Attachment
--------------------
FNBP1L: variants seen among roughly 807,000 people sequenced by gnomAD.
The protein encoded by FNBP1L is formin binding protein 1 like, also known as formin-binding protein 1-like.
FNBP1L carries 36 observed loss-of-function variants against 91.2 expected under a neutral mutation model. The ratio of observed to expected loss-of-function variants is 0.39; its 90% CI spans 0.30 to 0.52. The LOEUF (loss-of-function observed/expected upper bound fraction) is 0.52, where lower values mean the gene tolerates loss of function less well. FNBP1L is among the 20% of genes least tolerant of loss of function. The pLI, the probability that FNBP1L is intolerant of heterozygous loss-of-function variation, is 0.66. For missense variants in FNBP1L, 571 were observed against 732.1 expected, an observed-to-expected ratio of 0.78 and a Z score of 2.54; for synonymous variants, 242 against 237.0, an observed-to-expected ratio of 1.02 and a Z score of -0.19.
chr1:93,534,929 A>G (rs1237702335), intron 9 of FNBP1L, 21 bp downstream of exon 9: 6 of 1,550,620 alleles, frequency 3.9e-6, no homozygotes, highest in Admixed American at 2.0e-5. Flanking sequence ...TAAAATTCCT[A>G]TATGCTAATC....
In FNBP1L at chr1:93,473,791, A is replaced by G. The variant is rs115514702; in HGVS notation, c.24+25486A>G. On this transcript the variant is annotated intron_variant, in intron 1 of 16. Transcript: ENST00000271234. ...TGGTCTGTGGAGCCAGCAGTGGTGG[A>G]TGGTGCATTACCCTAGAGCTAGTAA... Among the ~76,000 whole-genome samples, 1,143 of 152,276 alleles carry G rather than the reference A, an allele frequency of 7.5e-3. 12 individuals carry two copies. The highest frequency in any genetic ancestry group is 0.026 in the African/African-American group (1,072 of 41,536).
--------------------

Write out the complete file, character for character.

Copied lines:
FNBP1L: variants seen among roughly 807,000 people sequenced by gnomAD.
The protein encoded by FNBP1L is formin binding protein 1 like, also known as formin-binding protein 1-like.
FNBP1L carries 36 observed loss-of-function variants against 91.2 expected under a neutral mutation model. The ratio of observed to expected loss-of-function variants is 0.39; its 90% CI spans 0.30 to 0.52. The LOEUF (loss-of-function observed/expected upper bound fraction) is 0.52, where lower values mean the gene tolerates loss of function less well. FNBP1L is among the 20% of genes least tolerant of loss of function. The pLI, the probability that FNBP1L is intolerant of heterozygous loss-of-function variation, is 0.66. For missense variants in FNBP1L, 571 were observed against 732.1 expected, an observed-to-expected ratio of 0.78 and a Z score of 2.54; for synonymous variants, 242 against 237.0, an observed-to-expected ratio of 1.02 and a Z score of -0.19.
chr1:93,534,929 A>G (rs1237702335), intron 9 of FNBP1L, 21 bp downstream of exon 9: 6 of 1,550,620 alleles, frequency 3.9e-6, no homozygotes, highest in Admixed American at 2.0e-5. Flanking sequence ...TAAAATTCCT[A>G]TATGCTAATC....
In FNBP1L at chr1:93,473,791, A is replaced by G. The variant is rs115514702; in HGVS notation, c.24+25486A>G. On this transcript the variant is annotated intron_variant, in intron 1 of 16. Transcript: ENST00000271234. ...TGGTCTGTGGAGCCAGCAGTGGTGG[A>G]TGGTGCATTACCCTAGAGCTAGTAA... Among the ~76,000 whole-genome samples, 1,143 of 152,276 alleles carry G rather than the reference A, an allele frequency of 7.5e-3. 12 individuals carry two copies. The highest frequency in any genetic ancestry group is 0.026 in the African/African-American group (1,072 of 41,536).